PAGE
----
Shortly after the news that tattooed wrists can prevent the Apple Watch’s heart rate sensor from functioning properly went viral, Apple has updated its user guide, confirming that wrist tattoos may interfere with the heart rate monitor. Long-term and temporary changes to human skin, including the ink used in tattoos, may affect the heart rate sensor’s performance, according to Apple.
Moreover, the updated Apple Watch support documentation explains that the ink, pattern and saturation of the tattoo can block the green and infrared light from the sensor, which is absorbed or reflected by red blood, making it difficult for the device to calculate reliable readings. Watch wearers with darker tattoos that cover more of the skin`s surface may face more problems compared with those whose tattoos are lighter and smaller in size.
Actually, solid-colored tattoos, especially red ones, absorb the green light the watch gives out to read out the heart rate, thus making the heart rate monitor useless. Moreover, the device uses the heart rate monitor to determine whether you are wearing it or not. If the watch fails to detect that you’re wearing it, the screen locks with your passcode. Many watch wearers are also unable to use Apple Pay as a result of interference from their tattoos. Due to security reasons, Apple Pay only works when the watch is being worn.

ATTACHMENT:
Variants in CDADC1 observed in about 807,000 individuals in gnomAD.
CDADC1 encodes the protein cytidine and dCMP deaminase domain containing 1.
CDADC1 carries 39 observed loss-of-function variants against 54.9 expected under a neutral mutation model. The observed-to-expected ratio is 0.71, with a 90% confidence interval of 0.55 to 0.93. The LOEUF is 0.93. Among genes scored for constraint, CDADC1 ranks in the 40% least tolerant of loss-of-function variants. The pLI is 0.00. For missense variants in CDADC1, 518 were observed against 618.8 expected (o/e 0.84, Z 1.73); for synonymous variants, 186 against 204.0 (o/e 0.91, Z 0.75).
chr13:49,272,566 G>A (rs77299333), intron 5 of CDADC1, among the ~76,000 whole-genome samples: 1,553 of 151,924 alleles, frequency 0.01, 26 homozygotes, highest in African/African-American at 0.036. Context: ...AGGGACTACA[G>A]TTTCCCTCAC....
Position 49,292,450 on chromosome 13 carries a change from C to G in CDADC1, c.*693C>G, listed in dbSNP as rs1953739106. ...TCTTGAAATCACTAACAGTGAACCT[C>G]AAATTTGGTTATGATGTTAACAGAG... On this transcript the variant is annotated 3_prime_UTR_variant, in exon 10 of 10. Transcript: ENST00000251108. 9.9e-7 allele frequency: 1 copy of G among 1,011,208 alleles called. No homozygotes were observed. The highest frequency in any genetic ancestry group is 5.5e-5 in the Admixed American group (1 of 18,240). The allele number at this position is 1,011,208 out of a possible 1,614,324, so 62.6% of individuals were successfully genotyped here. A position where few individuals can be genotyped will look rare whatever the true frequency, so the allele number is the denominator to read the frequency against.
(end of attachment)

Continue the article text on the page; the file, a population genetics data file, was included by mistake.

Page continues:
Not only Apple Pay, but various other applications are not working either, and many users are having problems with even simpler functions. Especially they can`t check the watch through wrist movements.
Apple recommends those who experience such kind of problems to unable wrist detection entirely and connect Apple Watch wirelessly to external heart rate monitors, like Bluetooth chest straps. Apparently, it`s not quite elegant solutions, but at least athletes and more serious self-enthusiasts will get an alternative means of collecting this data.